The recovery we had to have put profits first and wages later, leaving workers out of money | Greg Jericho

I hope you enjoyed the recession because the recovery is here and it’s brutal.

You may not know it, but the Australian economy is growing rapidly and recovering from the deep pandemic recession. You probably don’t know, because during this recovery real wages have fallen and now we’ve added the prospect of much higher interest rates.

After more than a decade of only falling interest rates, Reserve Bank of Australia on Tuesday, interest rates shot up 50 basis points — something it hadn’t done since February 2000. Combined with the 25 basis points increase in May, it drove a two-month increase of 75 basis points – the largest since 1995.

Hey thanks.

And yet, unlike the rising interest rates encountered by the Rudd administration in 2008, these are the result not of massive mining investment and high-paying jobs, but at a time when real workers’ incomes are falling.

The last Labor account figures announced on Wednesday show that real hourly earnings per employee decreased by 3.2% in the 12 months to March of this year and are now back at the level of September 2014:

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In effect, the LNP government left us as it found us.

The labor bill figures once again argue that the current rise in inflation that has led the reserve bank to raise interest rates is not the fault of workers demanding large wage increases.

In reality, workers’ incomes are declining in real terms.

Of course we knew this.

Not only do we have a larger portion of the national income goes to profit but the last one business indicators published just before the GDP figures showed a strong increase in sales in most industries relative to wages.

In the lodging and food services industries, for example, the sales-to-wage ratio has increased from $4.2 in sales for every $1 in wages before the pandemic to now $4.6 for every $1 — the best sales-to-wage ratio ever. registered in the sector :

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The retail industry shows a similar story. A 20-year trend of declining sales relative to wages has now reversed:

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This does not mean that companies are now making huge profits – there are many costs other than labor that must be paid – but that the main drivers of inflation clearly do not come from labor costs.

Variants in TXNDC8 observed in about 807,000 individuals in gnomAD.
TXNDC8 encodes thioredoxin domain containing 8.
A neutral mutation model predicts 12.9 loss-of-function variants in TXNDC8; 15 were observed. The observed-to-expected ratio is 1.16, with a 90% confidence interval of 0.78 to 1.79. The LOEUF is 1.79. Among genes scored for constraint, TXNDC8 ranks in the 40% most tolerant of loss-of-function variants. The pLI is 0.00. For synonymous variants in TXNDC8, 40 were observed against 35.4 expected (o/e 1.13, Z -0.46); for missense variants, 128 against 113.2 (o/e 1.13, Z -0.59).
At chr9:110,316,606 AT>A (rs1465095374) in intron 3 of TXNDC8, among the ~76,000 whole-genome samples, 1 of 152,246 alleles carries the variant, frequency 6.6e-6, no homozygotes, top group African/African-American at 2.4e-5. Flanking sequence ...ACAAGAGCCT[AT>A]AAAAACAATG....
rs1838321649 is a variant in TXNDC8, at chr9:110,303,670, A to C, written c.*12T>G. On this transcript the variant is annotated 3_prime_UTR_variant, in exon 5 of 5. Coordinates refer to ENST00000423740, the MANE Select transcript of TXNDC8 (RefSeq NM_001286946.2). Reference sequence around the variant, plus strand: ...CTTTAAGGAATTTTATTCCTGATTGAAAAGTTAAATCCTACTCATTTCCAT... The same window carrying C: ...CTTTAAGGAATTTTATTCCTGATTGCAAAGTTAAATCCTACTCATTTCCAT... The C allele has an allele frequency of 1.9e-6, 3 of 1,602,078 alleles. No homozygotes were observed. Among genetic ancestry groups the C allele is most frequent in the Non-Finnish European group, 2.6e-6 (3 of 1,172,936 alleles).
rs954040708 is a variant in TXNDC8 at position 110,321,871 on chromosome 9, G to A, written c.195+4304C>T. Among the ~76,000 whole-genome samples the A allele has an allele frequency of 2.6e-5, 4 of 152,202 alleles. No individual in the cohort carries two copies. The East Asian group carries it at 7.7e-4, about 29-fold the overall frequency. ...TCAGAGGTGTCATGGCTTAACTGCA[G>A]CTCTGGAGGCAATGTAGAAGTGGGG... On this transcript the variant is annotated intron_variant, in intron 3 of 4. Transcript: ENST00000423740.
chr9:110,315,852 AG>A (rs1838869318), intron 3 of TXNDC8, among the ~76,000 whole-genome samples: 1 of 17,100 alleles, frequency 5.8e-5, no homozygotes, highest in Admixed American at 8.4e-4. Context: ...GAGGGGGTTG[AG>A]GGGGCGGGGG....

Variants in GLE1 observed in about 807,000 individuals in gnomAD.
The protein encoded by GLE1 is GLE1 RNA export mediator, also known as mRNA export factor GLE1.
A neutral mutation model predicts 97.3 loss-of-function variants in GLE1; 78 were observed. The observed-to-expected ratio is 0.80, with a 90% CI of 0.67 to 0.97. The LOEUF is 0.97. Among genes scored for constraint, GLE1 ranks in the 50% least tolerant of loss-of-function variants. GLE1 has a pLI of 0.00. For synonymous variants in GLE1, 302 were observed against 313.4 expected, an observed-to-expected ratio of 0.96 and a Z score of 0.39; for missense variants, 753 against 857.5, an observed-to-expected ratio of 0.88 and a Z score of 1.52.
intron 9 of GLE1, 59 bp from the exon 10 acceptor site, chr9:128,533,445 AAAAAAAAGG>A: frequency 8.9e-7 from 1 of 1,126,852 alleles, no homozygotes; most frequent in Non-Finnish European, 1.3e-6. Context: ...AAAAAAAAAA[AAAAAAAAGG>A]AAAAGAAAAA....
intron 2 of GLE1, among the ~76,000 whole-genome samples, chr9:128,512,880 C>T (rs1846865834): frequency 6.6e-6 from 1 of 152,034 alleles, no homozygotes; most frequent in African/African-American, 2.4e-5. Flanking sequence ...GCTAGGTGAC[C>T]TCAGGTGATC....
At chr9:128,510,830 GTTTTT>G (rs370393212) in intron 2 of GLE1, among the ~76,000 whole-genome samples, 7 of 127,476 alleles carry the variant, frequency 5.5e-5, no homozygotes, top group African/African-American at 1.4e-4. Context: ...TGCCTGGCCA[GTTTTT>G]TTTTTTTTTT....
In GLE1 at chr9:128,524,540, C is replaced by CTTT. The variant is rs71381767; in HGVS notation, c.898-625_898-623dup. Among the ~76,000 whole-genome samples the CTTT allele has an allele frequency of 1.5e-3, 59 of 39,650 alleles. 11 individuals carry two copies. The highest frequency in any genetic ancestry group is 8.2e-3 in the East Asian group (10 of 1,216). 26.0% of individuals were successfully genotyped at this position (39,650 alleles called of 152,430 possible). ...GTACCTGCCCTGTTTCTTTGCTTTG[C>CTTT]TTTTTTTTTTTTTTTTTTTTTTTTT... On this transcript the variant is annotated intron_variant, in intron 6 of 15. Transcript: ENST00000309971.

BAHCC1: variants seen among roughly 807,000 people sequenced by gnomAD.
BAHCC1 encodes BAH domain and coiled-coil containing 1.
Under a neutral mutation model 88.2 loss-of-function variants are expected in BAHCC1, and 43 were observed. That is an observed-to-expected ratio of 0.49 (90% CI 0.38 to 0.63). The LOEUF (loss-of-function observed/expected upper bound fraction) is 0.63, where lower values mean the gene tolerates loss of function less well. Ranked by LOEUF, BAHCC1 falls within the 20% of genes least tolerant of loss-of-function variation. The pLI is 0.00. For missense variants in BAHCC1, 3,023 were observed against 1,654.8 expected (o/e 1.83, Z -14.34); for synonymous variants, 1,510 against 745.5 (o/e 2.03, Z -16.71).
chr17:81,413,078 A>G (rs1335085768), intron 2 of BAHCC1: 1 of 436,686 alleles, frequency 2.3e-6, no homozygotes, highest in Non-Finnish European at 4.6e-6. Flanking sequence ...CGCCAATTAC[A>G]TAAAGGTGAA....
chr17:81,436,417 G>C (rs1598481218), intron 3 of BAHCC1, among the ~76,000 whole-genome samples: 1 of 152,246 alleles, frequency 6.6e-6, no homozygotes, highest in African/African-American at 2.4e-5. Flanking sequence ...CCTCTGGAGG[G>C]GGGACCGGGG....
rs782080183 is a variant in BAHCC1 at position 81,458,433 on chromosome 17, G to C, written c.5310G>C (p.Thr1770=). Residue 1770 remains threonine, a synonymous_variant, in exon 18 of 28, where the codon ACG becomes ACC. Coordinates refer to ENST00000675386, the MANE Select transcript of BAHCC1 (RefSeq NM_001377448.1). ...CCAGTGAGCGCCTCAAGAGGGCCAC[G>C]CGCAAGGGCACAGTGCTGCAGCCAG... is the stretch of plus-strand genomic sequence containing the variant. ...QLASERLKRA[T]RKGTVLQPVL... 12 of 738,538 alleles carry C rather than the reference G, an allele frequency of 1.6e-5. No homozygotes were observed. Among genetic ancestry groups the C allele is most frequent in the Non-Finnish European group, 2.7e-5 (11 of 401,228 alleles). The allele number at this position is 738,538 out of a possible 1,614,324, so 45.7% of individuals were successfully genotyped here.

This is important because not only are there strong pushbacks from employer groups against wage increases above inflation (or even at the same level), but because these pushbacks come even as labor demand hits record highs.

The labor account figures, unlike the monthly labor force data, allow us to see how many vacancies there are in each industry relative to the total number of jobs.

This gives us an idea of ​​how desperate for workers each industry is.

Currently, 2.8% of all vacancies are vacant pending someone to fill them. That is by some margin the highest level recorded up to 1994:

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The reason is the combination of good job growth and a sharp decline in the number of people of working age in Australia.

As I noted last monththere are now about 354,000 fewer people aged 15-34 here than would have been expected before the pandemic.

Yes, the borders are opening, but it takes time to fill that gap.

And the need for employees is great in all sectors:

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One of the sectors that has seen the largest increase in job openings is the accommodation and hospitality sector.

One would expect that this great need for labor would see an equally large increase in payment to workers – the usual supply and demand ratio. That labor costs would rise may justify the need to keep the minimum wage increase low to protect companies, given the number of workers in the sector who earn that percentage.

But no:

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Real hourly labor costs in the hospitality industry are now back at 2012 levels – a period when the sector’s vacancy rate was less than half what it is today.

By raising interest rates, the reserve bank aims to keep inflation low – this includes wages as well as rising prices.

The problem is that while one is too high, the other is already too low.

The labor account shows that we have a historically strong increase in the demand for labour, but not the accompanying increase in the income of the workers.

The risk is that over the next 12 to 18 months, prices will rise as a result of foreign events and higher interest rates, but those same rate hikes will shatter hopes of stronger wages as the heat comes out of the economy.

The recovery has essentially been gain first; pay afterwards.

But should the reserve bank stifle the recovery with rapid rate hikes, those wage increases will remain distant and workers’ real incomes will continue to fall.

#recovery #put #profits #wages #leaving #workers #money #Greg #Jericho

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